The Jerusalem Post


By Uri Dan

Prime Minister Ariel Sharon gave US Secretary of State Colin Powell the reasons that caused his government to decide, unanimously, to completely isolate Palestinian Authority Chairman Yasser Arafat in Ramallah. The long conversation took place last Saturday night, two days after a Palestinian suicide bomber slaughtered six passengers on bus No. 4 and injured another 60 in Tel Aviv.

"We shall not permit the Palestinians to continue murdering Jews, at the same time telling us they are introducing reforms," said the prime minister.

"Several countries have expressed concern to us and wanted to know why we are destroying the buildings in the Mukata, Arafat's headquarters. But not one wanted to know about the victim of the attack opposite the Great Synagogue in Tel Aviv who complained to a nurse in the hospital that he couldn't feel his hand. The nurse lifted the blanket and told him he had lost his hand. None of those who contacted us about the bulldozers took any interest in the innocent citizen whose head was blown off in the terrorist attack."

Sharon told Powell that it would be easier and faster for Israel to send its troops to the Mukata and extract the Palestinian terrorists by force. However, he explained, Israel preferred to use the bulldozer to save as many lives as possible. The operation could be ended rapidly, he said, if all the international pressure were directed at the leader of the terrorism, Arafat, in order to make him hand over the wanted terrorists.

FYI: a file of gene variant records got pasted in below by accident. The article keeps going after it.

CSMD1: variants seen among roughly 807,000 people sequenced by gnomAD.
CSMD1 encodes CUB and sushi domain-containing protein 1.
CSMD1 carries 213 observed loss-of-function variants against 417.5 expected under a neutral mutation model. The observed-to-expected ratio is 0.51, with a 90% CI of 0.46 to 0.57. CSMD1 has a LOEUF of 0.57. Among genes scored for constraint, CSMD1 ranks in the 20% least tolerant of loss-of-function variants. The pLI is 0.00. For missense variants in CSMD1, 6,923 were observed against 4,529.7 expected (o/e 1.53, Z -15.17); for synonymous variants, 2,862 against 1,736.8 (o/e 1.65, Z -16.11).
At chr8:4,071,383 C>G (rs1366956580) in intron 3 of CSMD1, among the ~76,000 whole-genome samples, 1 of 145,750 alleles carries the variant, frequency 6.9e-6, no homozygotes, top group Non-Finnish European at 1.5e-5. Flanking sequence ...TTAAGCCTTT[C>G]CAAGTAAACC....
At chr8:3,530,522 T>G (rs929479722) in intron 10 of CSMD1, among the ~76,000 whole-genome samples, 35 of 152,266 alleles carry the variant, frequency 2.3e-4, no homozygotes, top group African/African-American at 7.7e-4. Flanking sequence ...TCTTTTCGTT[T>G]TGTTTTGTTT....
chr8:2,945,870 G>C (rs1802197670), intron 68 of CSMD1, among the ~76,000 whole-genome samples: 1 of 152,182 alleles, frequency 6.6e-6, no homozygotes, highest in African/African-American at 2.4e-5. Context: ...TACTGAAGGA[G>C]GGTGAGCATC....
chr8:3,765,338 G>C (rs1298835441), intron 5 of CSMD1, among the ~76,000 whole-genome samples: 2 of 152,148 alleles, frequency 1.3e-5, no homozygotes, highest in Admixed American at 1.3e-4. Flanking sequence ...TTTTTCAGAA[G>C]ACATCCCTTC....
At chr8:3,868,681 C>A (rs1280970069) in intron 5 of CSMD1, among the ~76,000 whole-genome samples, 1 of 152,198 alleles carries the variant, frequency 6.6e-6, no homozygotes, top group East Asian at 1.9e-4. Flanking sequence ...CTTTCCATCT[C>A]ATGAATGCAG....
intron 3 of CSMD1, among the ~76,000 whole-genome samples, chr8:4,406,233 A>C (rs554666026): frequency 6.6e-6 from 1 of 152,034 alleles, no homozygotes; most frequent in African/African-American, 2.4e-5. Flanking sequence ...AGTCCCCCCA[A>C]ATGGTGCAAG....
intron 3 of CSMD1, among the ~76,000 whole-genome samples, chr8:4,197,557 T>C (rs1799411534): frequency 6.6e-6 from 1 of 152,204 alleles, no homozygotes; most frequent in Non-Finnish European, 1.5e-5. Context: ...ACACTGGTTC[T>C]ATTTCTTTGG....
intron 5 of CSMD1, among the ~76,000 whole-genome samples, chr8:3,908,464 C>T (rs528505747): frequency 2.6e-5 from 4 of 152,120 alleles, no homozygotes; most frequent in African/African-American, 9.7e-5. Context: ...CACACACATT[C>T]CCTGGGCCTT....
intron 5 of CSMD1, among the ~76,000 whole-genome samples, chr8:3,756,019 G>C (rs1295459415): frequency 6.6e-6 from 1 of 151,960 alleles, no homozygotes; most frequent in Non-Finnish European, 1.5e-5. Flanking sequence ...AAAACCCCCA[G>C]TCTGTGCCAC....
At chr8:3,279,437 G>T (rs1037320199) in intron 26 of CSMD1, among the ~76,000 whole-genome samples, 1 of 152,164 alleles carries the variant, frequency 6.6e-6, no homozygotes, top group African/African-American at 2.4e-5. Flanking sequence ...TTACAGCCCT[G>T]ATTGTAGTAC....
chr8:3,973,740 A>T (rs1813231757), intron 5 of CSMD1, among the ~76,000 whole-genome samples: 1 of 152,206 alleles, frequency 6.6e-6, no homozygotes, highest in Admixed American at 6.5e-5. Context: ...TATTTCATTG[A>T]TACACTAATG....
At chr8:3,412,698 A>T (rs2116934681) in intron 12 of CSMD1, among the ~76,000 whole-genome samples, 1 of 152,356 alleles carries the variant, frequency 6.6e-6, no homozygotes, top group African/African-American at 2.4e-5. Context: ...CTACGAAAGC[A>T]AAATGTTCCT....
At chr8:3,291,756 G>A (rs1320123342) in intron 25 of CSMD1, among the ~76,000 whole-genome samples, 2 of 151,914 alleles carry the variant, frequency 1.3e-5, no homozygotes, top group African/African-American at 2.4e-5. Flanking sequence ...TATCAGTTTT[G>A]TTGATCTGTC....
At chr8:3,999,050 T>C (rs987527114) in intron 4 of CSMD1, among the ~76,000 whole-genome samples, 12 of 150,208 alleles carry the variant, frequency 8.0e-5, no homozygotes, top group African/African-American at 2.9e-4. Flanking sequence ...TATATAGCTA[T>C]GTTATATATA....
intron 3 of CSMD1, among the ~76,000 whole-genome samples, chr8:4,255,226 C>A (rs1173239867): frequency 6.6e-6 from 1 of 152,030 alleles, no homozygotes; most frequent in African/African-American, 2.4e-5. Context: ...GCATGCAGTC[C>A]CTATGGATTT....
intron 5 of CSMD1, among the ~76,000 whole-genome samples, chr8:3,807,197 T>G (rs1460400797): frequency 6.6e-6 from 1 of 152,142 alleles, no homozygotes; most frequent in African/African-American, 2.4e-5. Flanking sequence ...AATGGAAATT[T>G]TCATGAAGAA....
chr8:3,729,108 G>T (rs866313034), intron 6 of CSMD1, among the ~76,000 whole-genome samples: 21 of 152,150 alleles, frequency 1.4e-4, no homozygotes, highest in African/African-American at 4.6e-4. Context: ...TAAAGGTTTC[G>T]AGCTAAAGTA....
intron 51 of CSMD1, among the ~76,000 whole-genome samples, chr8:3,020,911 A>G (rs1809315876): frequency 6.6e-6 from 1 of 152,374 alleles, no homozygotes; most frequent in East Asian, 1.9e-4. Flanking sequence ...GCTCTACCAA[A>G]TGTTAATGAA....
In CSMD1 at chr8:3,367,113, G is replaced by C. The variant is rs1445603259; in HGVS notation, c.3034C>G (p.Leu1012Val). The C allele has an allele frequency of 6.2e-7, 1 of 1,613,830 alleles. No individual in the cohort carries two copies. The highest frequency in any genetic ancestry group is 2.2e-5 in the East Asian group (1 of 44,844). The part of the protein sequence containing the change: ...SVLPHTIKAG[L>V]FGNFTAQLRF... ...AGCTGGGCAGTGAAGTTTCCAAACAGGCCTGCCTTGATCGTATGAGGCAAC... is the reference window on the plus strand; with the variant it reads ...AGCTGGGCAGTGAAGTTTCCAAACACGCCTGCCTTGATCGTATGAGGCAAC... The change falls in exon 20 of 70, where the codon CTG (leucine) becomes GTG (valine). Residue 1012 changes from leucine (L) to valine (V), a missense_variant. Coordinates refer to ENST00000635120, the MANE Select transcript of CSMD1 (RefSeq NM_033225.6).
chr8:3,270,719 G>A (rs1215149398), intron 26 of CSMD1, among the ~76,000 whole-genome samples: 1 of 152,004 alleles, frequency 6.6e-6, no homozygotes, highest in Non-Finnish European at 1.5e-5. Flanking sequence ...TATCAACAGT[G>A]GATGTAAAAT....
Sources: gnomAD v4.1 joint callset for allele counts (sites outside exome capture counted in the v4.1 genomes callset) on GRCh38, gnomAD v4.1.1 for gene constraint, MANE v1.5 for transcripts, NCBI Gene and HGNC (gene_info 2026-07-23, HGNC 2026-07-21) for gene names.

Powell's concern in his phone call to Sharon was understandable. The US had succeeded in recruiting impressive support for its plan that the Palestinians elect a prime minister who would direct their affairs – one who would in fact replace Arafat and be as far as possible from his sphere of influence. In the State Department's view, this was a strategic achievement.

But in Israel's view, Palestinian terrorism itself – during the last two years of the war initiated by Arafat – has become a threat that is also strategic.

Not prepared to let Arafat renew with full force the waves of terrorism that were reduced following Operation Defensive Shield in April, Sharon's concern is no less understandable. He is not prepared for Jews to pay with their blood in the interval until the Palestinians reform.

Sharon is also not prepared for Jews to continue to be murdered while Israel sits on its hands because of the approaching war against Arafat's partner, Saddam Hussein. It would be neither morally nor diplomatically justifiable to wait to deal with Arafat until it can be done amid the fog of battle in Baghdad.

After Hamas assumed responsibility for last week's slaughter in Tel Aviv, the media rushed to announce that Sharon had convened a security-cabinet meeting with the participation of the entire government in order to take a decision to attack Hamas in the Gaza Strip.